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Assessment of Nodal Status for Perihilar Cholangiocarcinoma: Location, Number, or Ratio of Involved Nodes

Aoba, Taro MD*; Ebata, Tomoki MD*; Yokoyama, Yukihiro MD*; Igami, Tsuyoshi MD*; Sugawara, Gen MD*; Takahashi, Yu MD*; Nimura, Yuji MD; Nagino, Masato MD*

doi: 10.1097/SLA.0b013e3182822277
Original Articles

Objective: To analyze lymph node status in resected perihilar cholangiocarcinoma, to clarify which index (ie, location, number, or ratio of involved nodes) is better for staging, and to determine the minimum requirements for node examination.

Background: In the TNM classification for perihilar cholangiocarcinoma, the number or ratio of involved nodes is not considered for nodal staging. The minimum requirement for histologic examination of lymph nodes is arbitrary.

Methods: This study involved 320 patients with perihilar cholangiocarcinoma who underwent resection from January 2000 to December 2009 at Nagoya University Hospital. The relationship between lymph node status and patient survival was retrospectively analyzed.

Results: Total lymph node counts (TLNCs), ie, the number of lymph nodes examined histologically, averaged 12.9 ± 8.3 (range: 1–59). Lymph node metastasis was found in 146 (45.6%) patients and was an independent, powerful prognostic factor. The survival rates were not significantly different between patients with regional node metastasis alone and those with distant node metastasis (19.2% vs 11.5% at 5 years, P = 0.058). The survival for patients with multiple node metastases was significantly worse than that for patients with single metastasis (12.1% vs 27.6% at 5 years, P = 0.002), regardless of the presence or absence of distant lymph node metastasis. The survival for patients with lymph node ratios (LNRs) of 0.2 or less was significantly better than that for patients with LNRs greater than 0.2 (21.4% vs 13.5% at 5 years, P = 0.032). Upon multivariate analysis of the 146 patients with lymph node metastasis, the number of involved nodes (single vs multiple) was identified as an independent prognostic factor (RR of 1.61, P = 0.045), whereas the locations (regional alone vs distant) and ratios (LNR ≤ 0.2 vs LNR > 0.2) of involved nodes were not. When the 148 pN0-R0 patients were divided into 3 groups (ie, those with TLNC ≥ 8, with TLNC = 5, 6, or 7, and with TLNC ≤ 4), survivals were identical between the first and second groups, whereas they were largely different between the former two and the third.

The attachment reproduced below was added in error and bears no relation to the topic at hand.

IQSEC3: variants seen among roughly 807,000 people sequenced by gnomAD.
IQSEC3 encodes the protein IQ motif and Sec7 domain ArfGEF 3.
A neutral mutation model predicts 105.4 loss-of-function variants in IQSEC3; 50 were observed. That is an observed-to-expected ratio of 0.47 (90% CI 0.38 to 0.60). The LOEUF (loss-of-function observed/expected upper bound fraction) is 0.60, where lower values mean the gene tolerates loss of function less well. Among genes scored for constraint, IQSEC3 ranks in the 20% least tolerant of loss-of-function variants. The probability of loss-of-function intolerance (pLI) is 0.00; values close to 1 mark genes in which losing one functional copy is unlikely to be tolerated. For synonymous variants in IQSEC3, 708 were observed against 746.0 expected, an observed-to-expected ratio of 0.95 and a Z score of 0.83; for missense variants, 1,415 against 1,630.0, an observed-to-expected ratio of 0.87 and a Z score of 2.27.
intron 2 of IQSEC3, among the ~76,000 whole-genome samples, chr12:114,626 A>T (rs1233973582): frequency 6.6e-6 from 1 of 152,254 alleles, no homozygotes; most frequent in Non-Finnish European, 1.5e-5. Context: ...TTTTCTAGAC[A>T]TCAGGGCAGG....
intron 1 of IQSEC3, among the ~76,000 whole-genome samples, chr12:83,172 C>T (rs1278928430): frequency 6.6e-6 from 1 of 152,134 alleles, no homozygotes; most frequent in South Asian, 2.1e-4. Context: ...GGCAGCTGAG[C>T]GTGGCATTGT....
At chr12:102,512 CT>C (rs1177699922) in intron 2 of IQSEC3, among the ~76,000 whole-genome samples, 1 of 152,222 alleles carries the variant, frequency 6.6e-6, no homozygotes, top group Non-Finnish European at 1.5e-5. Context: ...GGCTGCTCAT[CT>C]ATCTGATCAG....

Conclusions: Lymph node metastasis is a powerful, independent prognostic factor in perihilar cholangiocarcinoma and is better classified based not on location but on the number of involved nodes. To adequately assess nodal status, histologic examination of 5 or more nodes is recommended.

Lymph node status in perihilar cholangiocarcinoma was analyzed in 320 patients who underwent resection. Total lymph node counts (TLNCs, ie, the number of lymph nodes examined histologically) averaged 12.9 ± 8.3. Survival rates for patients with lymph node metastasis were better stratified according to the number rather than the location or the ratio of involved nodes.

*Division of Surgical Oncology, Department of Surgery, Nagoya University Graduate School of Medicine, Nagoya, Japan

Department of Surgery, Aichi Cancer Center, Nagoya, Japan.

Reprints: Masato Nagino, Division of Surgical Oncology, Department of Surgery, Nagoya University Graduate School of Medicine, 65 Tsurumai-cho, Showa-ku, Nagoya 466–8550, Japan. E-mail:

Disclosure: The authors declare no conflicts of interest.

© 2013 Lippincott Williams & Wilkins, Inc.